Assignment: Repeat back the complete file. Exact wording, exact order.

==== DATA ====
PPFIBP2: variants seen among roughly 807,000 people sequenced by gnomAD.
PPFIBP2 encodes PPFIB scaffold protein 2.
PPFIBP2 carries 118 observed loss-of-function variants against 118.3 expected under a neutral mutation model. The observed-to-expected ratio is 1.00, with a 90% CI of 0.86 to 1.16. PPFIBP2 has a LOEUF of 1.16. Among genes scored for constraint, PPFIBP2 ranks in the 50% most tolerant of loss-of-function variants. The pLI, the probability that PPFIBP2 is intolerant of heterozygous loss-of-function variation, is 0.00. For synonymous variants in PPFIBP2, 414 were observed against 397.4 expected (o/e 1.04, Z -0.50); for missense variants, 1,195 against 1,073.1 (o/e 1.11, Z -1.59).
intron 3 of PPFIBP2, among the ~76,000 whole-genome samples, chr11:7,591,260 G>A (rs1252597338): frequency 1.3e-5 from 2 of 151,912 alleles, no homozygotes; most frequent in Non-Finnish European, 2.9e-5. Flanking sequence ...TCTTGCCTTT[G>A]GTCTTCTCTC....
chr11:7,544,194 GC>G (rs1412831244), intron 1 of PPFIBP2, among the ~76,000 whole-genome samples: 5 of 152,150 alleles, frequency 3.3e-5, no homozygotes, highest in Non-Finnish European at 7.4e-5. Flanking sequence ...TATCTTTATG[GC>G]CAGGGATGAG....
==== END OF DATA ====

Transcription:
PPFIBP2: variants seen among roughly 807,000 people sequenced by gnomAD.
PPFIBP2 encodes PPFIB scaffold protein 2.
PPFIBP2 carries 118 observed loss-of-function variants against 118.3 expected under a neutral mutation model. The observed-to-expected ratio is 1.00, with a 90% CI of 0.86 to 1.16. PPFIBP2 has a LOEUF of 1.16. Among genes scored for constraint, PPFIBP2 ranks in the 50% most tolerant of loss-of-function variants. The pLI, the probability that PPFIBP2 is intolerant of heterozygous loss-of-function variation, is 0.00. For synonymous variants in PPFIBP2, 414 were observed against 397.4 expected (o/e 1.04, Z -0.50); for missense variants, 1,195 against 1,073.1 (o/e 1.11, Z -1.59).
intron 3 of PPFIBP2, among the ~76,000 whole-genome samples, chr11:7,591,260 G>A (rs1252597338): frequency 1.3e-5 from 2 of 151,912 alleles, no homozygotes; most frequent in Non-Finnish European, 2.9e-5. Flanking sequence ...TCTTGCCTTT[G>A]GTCTTCTCTC....
chr11:7,544,194 GC>G (rs1412831244), intron 1 of PPFIBP2, among the ~76,000 whole-genome samples: 5 of 152,150 alleles, frequency 3.3e-5, no homozygotes, highest in Non-Finnish European at 7.4e-5. Flanking sequence ...TATCTTTATG[GC>G]CAGGGATGAG....